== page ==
Sunday, October 28, 2012

Finches on the move!

I went for an excellent hike this morning along the Lake Superior coast south from Pebble Beach in Marathon to the mill effluent treatment ponds and then back along the CPR tracks and saw a tonne of birds. As Alan Wormington discovered back in the day, NE winds along the north shore can trigger large migratory movements of passerines in the late fall. Among the rarities Alan turned up on this stretch have been Cassin's and Field Sparrows, Townsend's Solitaire and White-eyed Vireo.

 I didn't cross paths with any megas but I was awed by the tide of Common Redpoll - one super flock had more than 300 birds. I estimated more than 1,300 COREs in 2.5 hours. Last year in late October I saw similar movements of redpolls moving NW along the coast. Then, as in most years, the migrating flock passed high over head, stopping periodically to feed in the tops of white birches. This year our drought-stressed birch failed to set seed so now most of the migrating redpolls are sweeping through at eye level, pausing to feed on abundant Green Alder cones.

Smaller flocks of White-winged Crossbill, Pine Siskin and Pine Grosbeak were also conspicuous this morning. The flock of nine Bohemian Waxwings and two Northern Shrikes added some contrast. I was surprised not to see a single Rough-legged Hawk passing by Hawks Ridge.

An Indigo Bunting continues to visit our backyard feeders.

Saturday, October 27, 2012

Indigo Bunting in Marathon & rarities around Lake Superior

We had a very drab looking Indigo Bunting show up in our Marathon yard today - late-ish but not the latest autumn record in the Thunder Bay District for this neotropical migrant.

Also in our yard were all of the regular winter finches: Pine and Evening Grosbeak, Pine Siskin, Common and Hoary Redpoll, White-winged Crossbill and Purple Finch.

Indigo Bunting in Marathon, Oct. 27, 2012.
Of late some true rarities have been reported from the Lake Superior basin. At Grand Marais (MN), only 128 km from Thunder Bay, a Cassin's Kingbird was photographed today.

Photo here:

In Alger Co., Michigan, only a few hundred open water kms south of Terrace Bay, a Vermilion Flycatcher was seen today.

Report here:

photo here:

On October 25, a Cave Swallow was photographed at the Whitefish Point Bird Observatory in MI.

Photo here:

East of Minneapolis, in Eau Claire, Minnesota, a Bewick's Wren showed up at a feeder today.

Photos here:'s that time of year when just about anything can show up in the western Great Lakes. Keep your eyes peeled!

Thursday, October 11, 2012

Cold autumn colour palette

I don't share enough photos of the local landscape.

Martha took these shots yesterday as snow squalls and high winds swept across across Lake Superior.

 [click on images to enlarge]

Saturday, October 6, 2012

Autumn geese and some other miscellany

In late September and early October high-flying southbound V's of Canada Geese can be seen and heard on most days. Anyone who takes a little extra time to scrutinize a superficially familiar gaggle of grazing Canada Geese has a good chance of being rewarded with something less usual.

It all got rolling on September 10th with the report by Jennifer Chikoski and Jeff Robinson of a Greater White-fronted Goose at Lake Tamblyn, in Thunder Bay.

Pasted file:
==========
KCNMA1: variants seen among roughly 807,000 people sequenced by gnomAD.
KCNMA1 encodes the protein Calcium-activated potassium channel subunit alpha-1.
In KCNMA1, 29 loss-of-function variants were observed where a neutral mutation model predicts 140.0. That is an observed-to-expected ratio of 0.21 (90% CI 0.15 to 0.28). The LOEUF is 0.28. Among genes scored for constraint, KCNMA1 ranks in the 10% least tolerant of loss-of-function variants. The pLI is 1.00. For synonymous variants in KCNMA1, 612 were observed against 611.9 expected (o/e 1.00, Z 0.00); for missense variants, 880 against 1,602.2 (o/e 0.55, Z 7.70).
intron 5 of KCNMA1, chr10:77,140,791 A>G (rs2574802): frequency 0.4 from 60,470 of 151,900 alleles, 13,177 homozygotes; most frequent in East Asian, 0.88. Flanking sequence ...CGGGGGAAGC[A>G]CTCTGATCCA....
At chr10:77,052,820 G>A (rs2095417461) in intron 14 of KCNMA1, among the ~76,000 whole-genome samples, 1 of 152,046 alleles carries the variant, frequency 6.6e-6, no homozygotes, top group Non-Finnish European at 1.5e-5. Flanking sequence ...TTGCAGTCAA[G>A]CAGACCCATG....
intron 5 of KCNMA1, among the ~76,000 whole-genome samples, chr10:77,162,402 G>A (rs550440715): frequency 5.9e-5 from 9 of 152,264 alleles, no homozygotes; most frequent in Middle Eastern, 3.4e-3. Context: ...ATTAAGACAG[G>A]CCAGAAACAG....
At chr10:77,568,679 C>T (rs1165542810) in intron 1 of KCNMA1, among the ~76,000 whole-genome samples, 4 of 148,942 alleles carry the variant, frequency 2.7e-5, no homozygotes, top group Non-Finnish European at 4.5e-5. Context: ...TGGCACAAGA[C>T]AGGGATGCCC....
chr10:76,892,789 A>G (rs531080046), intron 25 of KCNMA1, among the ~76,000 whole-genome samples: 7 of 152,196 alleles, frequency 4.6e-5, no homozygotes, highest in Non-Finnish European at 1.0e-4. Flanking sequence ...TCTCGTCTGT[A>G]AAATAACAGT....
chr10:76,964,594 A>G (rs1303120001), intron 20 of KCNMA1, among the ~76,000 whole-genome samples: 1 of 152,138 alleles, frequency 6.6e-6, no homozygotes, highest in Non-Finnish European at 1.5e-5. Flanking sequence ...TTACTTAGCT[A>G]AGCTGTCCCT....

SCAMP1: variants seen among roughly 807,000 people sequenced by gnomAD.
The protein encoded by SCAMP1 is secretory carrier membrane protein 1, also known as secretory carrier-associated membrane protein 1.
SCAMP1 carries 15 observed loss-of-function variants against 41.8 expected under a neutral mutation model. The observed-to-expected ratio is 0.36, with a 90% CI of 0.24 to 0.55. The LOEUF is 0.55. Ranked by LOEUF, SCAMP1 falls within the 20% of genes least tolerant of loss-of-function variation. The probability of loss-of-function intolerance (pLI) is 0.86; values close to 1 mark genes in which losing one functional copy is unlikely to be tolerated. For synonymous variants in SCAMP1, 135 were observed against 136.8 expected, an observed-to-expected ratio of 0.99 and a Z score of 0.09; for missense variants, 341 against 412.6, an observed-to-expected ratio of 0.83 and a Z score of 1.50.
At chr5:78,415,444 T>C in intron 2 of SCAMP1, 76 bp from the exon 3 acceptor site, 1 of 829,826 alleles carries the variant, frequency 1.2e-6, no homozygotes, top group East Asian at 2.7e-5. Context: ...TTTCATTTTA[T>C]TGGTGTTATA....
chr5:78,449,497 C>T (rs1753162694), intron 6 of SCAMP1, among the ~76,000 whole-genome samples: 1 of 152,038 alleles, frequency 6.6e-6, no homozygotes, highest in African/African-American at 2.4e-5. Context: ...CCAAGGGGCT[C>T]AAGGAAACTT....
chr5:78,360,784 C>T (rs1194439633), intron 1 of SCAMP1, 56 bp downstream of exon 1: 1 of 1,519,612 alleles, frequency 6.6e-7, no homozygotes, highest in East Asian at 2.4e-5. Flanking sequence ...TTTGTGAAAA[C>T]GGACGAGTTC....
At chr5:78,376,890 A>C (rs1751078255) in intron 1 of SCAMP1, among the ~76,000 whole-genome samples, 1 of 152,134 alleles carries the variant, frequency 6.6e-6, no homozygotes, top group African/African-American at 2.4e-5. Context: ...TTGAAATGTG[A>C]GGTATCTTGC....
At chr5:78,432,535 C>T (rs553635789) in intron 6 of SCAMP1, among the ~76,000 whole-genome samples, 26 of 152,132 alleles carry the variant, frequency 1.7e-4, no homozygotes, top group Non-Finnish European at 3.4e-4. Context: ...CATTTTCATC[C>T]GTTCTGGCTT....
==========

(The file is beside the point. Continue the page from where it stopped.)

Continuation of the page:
Lake Tamblyn. Sept. 10, 2012. Photo by Jeff Robinson.
Closer to my home, a Snow Goose stopped over briefly at the mouth of the Pic River (a premier spot for viewing waterbirds in the Marathon area).
Pic River. Sept 25, 2012.
Greg Stroud turned up a Ross's Goose on the lawn near the George O'Neil School in Nipigon.
Ross's Goose at Nipigon. Sept 28, 2012. Photo courtesy of Greg Stroud.
Cackling Geese have been especially common this fall.
Cacklers in Marathon. Oct 5, 2012
High up on my wish list is Brant - I've yet to see one in NW Ontario and it's considered accidental in the T-Bay District. A pair was found on the Pic River in October 2008.
Brant, CACG and CANGs at the Pic River. Oct 7, 2008.  Martha Allen.

One more goose note. Exactly two years ago a cooperative Canada Goose allowed me to approach closely enough to read the number on its leg band. I soon learned that the bird had been banded as a flightless gosling that summer near Winisk, on the Hudson Bay coast.

Two days ago another lone, banded Canada Goose obligingly pirouetted at ten metres distance, revealing the nine digit band sequence. This individual was banded as a flightless gosling in Pennsylvania in the summer of 2011 so it was almost certainly a southbound molt migrant whose only interest in Canada was to gorge on the lush grasses and sedges of the Hudson Bay lowlands while undergoing its summer molt.

A few other nice birds - both casual visitors to the District - have shown up recently. An Upland Sandpiper stopped over on the grassy embankment beside the mill treatment pond below Hawks Ridge in Marathon on Sept. 15-16. On September 30, while en route to a wild dove chase (oy...) near Rossport, I was delayed by a few minutes when a Yellow-billed Cuckoo swooped low in front of my car and perched beside the road in a colourful aspen. Sweet!
Yellow-billed Cuckoo near Rossport. Sept 30, 2012.

The gull watching is getting interesting. In the Soo, the persistent Kirk Zufelt turned up two(!!!) Mew Gulls on consecutive days (Sept 27-28). Check out Kirk's great photos and account of the Mew Gull Miracle.

Yesterday, I checked out our local gull assemblage and turned up four species - no rarities but a good tally for here.
Thayer's Gull in Marathon. Oct. 5, 2012.
A pair of Bonies in Marathon. Oct. 5, 2012.